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Posts Tagged ‘Extreme Programming’

Bringing Plausible Deniability to Development: the Strategy Pattern

July 30, 2009 3 comments

July 30th 2009 | David Cooksey

Bringing Plausible Deniability to Development: the Strategy Pattern

If the template pattern is a benevolent dictator the strategy pattern is a politician concerned with plausible deniability: Don’t tell me the details, just do it. The strategy is defined solely in terms of its inputs and outputs.

Let’s say you are writing a program that cuts checks for employees. The code that handles the physical printing of the checks is complete, all that remains is determining how much to print on the check for each person. The company contains both salaried and hourly employees in addition to salesmen whose pay is based on commissions. Also, the company sends out holiday checks to all employees at various times of the year based on how the company performed recently.

You want to be flexible, so your payment generator is designed as a windows service that polls a PaymentRequest table periodically. It then examines the type of payment to determine how the amount should be calculated. The next step is to write and organize implementations of the different ways to calculate payments.

The design should be flexible enough that it makes adding new payment types as simple as possible, while also providing as much flexibility as possible with respect to implementation details. You don’t want to mandate that a particular step in calculation occur, because you don’t know what future payment types might require.

This is where the strategy pattern comes into play. You can use a simple interface that defines your payment strategy to streamline your code and cut down on the number of decision points. All you really need is a block of code that looks at the payment record and decides what strategy to use. The other code should be the same regardless of the payment type. Here is some pseudo code for what this would look like:

public interface IPaymentStrategy
  {
    double CalculateAmount(IPaymentRequest paymentRequest);
  }

public class PaymentGenerator
  {
    public void LookForPaymentRequests()
    {
      IPaymentRequest[] paymentRequests= GetNewPaymentRequests();
      foreach (IPaymentRequest paymentRequest in paymentRequests)
      {
        Process(paymentRequest);
      }
    }

    private void Process(IPaymentRequest request)
    {
      IPaymentStrategy strategy;
      switch (request.PaymentType)
      {
        case 1:
          strategy = new HourlyPayment();
          break;
        case 2:
          strategy = new SalariedPayment();
          break;
        case 3:
          strategy = new CommissionPayment();
          break;
        case 4:
          strategy = new HolidayPayment();
          break;
        default:
          strategy = new FlatPayment();
          break;
      }
      double amount = strategy.CalculateAmount(request);
      WriteCheck(amount);
    }
}

IPaymentStrategy defines a simple interface that accepts an IPaymentRequest and returns the amount calculated. The PaymentGenerator pulls in new payment requests from a table. It picks the appropriate payment calculation method based on the payment type Id and uses it to generate the correct payment amount.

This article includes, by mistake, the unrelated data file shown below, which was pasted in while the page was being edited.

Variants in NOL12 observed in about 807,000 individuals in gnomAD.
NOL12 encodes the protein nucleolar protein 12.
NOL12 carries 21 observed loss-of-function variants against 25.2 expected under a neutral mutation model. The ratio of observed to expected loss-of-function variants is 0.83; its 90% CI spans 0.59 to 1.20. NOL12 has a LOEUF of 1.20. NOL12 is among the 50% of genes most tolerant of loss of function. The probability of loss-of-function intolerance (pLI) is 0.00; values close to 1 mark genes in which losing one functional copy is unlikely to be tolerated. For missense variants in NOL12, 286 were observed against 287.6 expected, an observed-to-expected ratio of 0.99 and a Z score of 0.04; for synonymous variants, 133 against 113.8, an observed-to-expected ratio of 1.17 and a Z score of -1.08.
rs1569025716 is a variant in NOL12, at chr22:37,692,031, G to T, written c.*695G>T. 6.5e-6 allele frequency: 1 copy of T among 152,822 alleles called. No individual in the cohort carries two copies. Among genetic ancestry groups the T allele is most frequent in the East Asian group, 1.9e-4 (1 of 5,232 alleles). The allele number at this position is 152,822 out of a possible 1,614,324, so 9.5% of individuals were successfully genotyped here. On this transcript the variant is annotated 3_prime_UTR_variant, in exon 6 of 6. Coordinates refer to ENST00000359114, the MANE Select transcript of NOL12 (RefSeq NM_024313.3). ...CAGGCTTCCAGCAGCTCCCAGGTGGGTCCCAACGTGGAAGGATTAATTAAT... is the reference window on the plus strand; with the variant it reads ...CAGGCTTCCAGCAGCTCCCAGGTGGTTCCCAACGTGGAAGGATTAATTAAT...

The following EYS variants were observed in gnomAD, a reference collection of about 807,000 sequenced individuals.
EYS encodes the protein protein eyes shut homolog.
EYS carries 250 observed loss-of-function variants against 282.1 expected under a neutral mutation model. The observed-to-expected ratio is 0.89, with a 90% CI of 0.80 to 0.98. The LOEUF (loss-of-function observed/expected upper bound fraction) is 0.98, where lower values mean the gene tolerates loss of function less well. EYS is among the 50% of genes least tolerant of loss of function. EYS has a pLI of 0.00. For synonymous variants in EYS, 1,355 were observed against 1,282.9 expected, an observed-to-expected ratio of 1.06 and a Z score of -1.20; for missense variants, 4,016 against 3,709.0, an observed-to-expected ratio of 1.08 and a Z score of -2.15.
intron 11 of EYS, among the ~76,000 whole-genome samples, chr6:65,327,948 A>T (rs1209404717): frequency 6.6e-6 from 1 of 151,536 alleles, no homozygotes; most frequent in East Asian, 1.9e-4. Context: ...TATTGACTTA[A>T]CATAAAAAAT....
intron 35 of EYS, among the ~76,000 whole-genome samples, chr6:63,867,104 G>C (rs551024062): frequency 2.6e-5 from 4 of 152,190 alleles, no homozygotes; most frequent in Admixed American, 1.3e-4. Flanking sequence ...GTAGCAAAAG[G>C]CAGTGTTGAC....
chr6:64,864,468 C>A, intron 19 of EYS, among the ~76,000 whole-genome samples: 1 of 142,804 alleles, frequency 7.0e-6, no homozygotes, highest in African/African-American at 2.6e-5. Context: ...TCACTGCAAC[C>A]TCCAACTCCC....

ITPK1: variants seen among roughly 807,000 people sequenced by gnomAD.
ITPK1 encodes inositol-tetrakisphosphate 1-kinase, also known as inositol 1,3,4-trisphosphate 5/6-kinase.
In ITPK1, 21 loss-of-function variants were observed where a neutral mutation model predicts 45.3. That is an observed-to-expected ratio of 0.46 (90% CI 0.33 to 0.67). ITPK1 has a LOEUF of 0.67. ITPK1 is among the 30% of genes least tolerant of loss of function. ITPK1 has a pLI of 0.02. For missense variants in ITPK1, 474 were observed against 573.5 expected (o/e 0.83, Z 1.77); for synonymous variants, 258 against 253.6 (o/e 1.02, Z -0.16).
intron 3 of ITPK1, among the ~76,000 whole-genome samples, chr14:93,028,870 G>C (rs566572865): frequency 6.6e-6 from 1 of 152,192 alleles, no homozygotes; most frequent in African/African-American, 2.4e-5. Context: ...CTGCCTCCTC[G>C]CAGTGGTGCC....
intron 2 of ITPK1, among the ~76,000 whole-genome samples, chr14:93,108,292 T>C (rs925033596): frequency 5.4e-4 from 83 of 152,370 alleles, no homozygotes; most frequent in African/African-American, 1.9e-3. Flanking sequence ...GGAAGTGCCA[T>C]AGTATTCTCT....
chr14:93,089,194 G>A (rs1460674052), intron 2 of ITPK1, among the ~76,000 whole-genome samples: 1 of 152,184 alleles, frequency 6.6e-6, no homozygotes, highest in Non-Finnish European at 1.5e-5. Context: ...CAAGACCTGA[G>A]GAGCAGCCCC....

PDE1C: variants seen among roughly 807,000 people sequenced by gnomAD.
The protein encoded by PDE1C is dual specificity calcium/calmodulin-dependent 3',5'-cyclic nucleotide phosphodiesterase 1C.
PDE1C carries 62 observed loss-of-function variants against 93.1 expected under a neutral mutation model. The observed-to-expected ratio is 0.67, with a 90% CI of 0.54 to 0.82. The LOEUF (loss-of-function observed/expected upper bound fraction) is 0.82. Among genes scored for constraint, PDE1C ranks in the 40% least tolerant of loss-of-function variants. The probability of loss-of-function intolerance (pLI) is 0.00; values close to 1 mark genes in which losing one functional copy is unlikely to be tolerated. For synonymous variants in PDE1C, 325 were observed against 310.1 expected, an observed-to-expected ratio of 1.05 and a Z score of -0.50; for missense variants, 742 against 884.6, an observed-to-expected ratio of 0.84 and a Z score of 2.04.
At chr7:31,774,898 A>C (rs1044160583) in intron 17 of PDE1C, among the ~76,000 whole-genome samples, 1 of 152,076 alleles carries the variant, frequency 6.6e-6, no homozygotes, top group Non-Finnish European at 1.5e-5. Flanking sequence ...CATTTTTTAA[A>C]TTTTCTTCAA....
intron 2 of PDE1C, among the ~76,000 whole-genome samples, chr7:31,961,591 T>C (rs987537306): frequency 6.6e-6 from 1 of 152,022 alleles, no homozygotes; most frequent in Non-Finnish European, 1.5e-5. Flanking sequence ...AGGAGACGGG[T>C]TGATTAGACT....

If a new payment type is added, it requires no code restructuring other than the creation of a new class that inherits from IPaymentStrategy, a new case block, and a new row in the PaymentType table.

This code structure places no restrictions at all on the implementation details of the individual payment types. If a lot of code is shared among the payment types, inheritance, a common dependency, or any other method can be used to reduce or eliminate code duplication entirely at the discretion of the programmer.

This makes it easier to ignore the gritty details of payment calculation which a more strict pattern such as the Template Pattern would force you to consider.

Flexible

Maintainable

Plausibly Deniable

The Strategy Pattern.

David Cooksey is a Senior .NET Consultant at Thycotic Software, an agile software services and product development company based in Washington DC. Secret Server is our flagship password management software product.

Name a variable like you name your first-born

April 13, 2009 6 comments

Jonathan Cogley: Code Naming

April 13th 2009 | Jonathan Cogley

Name a variable like you name your first-born

“You should name a variable using the same care with which you name a first-born child.”

– James O. Coplien, Denmark   (foreword to Clean Code)

This is hysterical!  I had such a good laugh on reading this line.  For those developers who don’t have children – the child naming process can take months … it usually starts in the second trimester (3-6 months of pregnancy) and can still remain undecided when the child is born… having been through this twice, it is not an easy process.

Note that James doesn’t say naming of a child but rather your first-born implying even more care and emphasis!  While this is obviously in jest, it does highlight how important naming and concepts can be within your code.  With our team, naming a variable can sometimes take 5 minutes while the programming pair argues backwards and forwards. If it takes too long we give it some silly name (bunnyFooFoo) and move on with the intention of revisiting the discussion during code review before committing to the source repository. Besides, who would let bunnyFooFoo go into the source repository with their initials on the commit?

Next time you whip out a string “s” or int “i” or DateTime “d”, give a thought to a logical name that will help others to understand the code in future.

Further thinking on naming:

Jonathan Cogley is the CEO of Thycotic Software, an agile software consulting and product development company based in Washington DC.  Secret Server is our flagship enterprise password management product.